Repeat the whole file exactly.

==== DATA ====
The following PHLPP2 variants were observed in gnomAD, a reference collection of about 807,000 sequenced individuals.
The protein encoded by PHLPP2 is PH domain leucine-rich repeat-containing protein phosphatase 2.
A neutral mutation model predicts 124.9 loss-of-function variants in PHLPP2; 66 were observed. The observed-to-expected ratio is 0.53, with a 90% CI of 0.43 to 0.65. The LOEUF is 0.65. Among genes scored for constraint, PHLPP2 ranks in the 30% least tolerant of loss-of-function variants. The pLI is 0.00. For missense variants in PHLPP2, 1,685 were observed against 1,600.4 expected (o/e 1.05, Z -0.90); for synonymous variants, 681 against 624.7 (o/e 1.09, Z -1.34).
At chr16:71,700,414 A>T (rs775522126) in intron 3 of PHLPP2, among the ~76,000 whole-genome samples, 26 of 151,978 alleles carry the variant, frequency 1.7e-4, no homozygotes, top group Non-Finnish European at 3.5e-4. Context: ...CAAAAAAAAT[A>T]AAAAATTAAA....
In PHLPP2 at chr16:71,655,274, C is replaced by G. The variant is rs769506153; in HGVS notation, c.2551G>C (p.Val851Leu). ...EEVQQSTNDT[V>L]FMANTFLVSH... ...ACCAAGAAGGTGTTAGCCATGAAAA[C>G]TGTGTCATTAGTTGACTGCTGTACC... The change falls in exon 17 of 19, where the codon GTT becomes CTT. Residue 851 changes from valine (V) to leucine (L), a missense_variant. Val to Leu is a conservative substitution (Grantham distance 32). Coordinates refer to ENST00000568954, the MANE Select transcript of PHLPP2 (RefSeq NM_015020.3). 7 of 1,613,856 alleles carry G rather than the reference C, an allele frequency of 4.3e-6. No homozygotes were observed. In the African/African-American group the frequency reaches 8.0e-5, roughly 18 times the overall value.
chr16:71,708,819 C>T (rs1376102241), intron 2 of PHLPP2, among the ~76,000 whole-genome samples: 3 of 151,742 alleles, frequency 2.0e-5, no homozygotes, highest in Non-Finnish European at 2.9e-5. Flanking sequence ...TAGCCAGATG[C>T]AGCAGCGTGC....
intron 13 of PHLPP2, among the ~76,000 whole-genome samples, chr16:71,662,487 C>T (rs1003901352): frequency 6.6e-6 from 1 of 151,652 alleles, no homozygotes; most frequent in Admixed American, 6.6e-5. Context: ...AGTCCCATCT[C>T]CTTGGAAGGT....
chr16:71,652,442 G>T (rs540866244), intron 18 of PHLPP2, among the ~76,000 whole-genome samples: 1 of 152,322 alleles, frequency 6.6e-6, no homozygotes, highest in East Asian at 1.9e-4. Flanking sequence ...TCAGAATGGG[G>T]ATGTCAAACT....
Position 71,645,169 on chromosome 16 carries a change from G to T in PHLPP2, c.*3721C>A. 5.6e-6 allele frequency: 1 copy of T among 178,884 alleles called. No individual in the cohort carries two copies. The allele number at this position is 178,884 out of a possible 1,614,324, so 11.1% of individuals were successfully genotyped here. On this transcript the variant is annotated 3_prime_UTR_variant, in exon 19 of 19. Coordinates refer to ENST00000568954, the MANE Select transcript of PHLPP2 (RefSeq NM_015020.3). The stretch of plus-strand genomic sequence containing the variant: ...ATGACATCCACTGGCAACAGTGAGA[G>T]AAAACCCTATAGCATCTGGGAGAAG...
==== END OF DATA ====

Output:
The following PHLPP2 variants were observed in gnomAD, a reference collection of about 807,000 sequenced individuals.
The protein encoded by PHLPP2 is PH domain leucine-rich repeat-containing protein phosphatase 2.
A neutral mutation model predicts 124.9 loss-of-function variants in PHLPP2; 66 were observed. The observed-to-expected ratio is 0.53, with a 90% CI of 0.43 to 0.65. The LOEUF is 0.65. Among genes scored for constraint, PHLPP2 ranks in the 30% least tolerant of loss-of-function variants. The pLI is 0.00. For missense variants in PHLPP2, 1,685 were observed against 1,600.4 expected (o/e 1.05, Z -0.90); for synonymous variants, 681 against 624.7 (o/e 1.09, Z -1.34).
At chr16:71,700,414 A>T (rs775522126) in intron 3 of PHLPP2, among the ~76,000 whole-genome samples, 26 of 151,978 alleles carry the variant, frequency 1.7e-4, no homozygotes, top group Non-Finnish European at 3.5e-4. Context: ...CAAAAAAAAT[A>T]AAAAATTAAA....
In PHLPP2 at chr16:71,655,274, C is replaced by G. The variant is rs769506153; in HGVS notation, c.2551G>C (p.Val851Leu). ...EEVQQSTNDT[V>L]FMANTFLVSH... ...ACCAAGAAGGTGTTAGCCATGAAAA[C>G]TGTGTCATTAGTTGACTGCTGTACC... The change falls in exon 17 of 19, where the codon GTT becomes CTT. Residue 851 changes from valine (V) to leucine (L), a missense_variant. Val to Leu is a conservative substitution (Grantham distance 32). Coordinates refer to ENST00000568954, the MANE Select transcript of PHLPP2 (RefSeq NM_015020.3). 7 of 1,613,856 alleles carry G rather than the reference C, an allele frequency of 4.3e-6. No homozygotes were observed. In the African/African-American group the frequency reaches 8.0e-5, roughly 18 times the overall value.
chr16:71,708,819 C>T (rs1376102241), intron 2 of PHLPP2, among the ~76,000 whole-genome samples: 3 of 151,742 alleles, frequency 2.0e-5, no homozygotes, highest in Non-Finnish European at 2.9e-5. Flanking sequence ...TAGCCAGATG[C>T]AGCAGCGTGC....
intron 13 of PHLPP2, among the ~76,000 whole-genome samples, chr16:71,662,487 C>T (rs1003901352): frequency 6.6e-6 from 1 of 151,652 alleles, no homozygotes; most frequent in Admixed American, 6.6e-5. Context: ...AGTCCCATCT[C>T]CTTGGAAGGT....
chr16:71,652,442 G>T (rs540866244), intron 18 of PHLPP2, among the ~76,000 whole-genome samples: 1 of 152,322 alleles, frequency 6.6e-6, no homozygotes, highest in East Asian at 1.9e-4. Flanking sequence ...TCAGAATGGG[G>T]ATGTCAAACT....
Position 71,645,169 on chromosome 16 carries a change from G to T in PHLPP2, c.*3721C>A. 5.6e-6 allele frequency: 1 copy of T among 178,884 alleles called. No individual in the cohort carries two copies. The allele number at this position is 178,884 out of a possible 1,614,324, so 11.1% of individuals were successfully genotyped here. On this transcript the variant is annotated 3_prime_UTR_variant, in exon 19 of 19. Coordinates refer to ENST00000568954, the MANE Select transcript of PHLPP2 (RefSeq NM_015020.3). The stretch of plus-strand genomic sequence containing the variant: ...ATGACATCCACTGGCAACAGTGAGA[G>T]AAAACCCTATAGCATCTGGGAGAAG...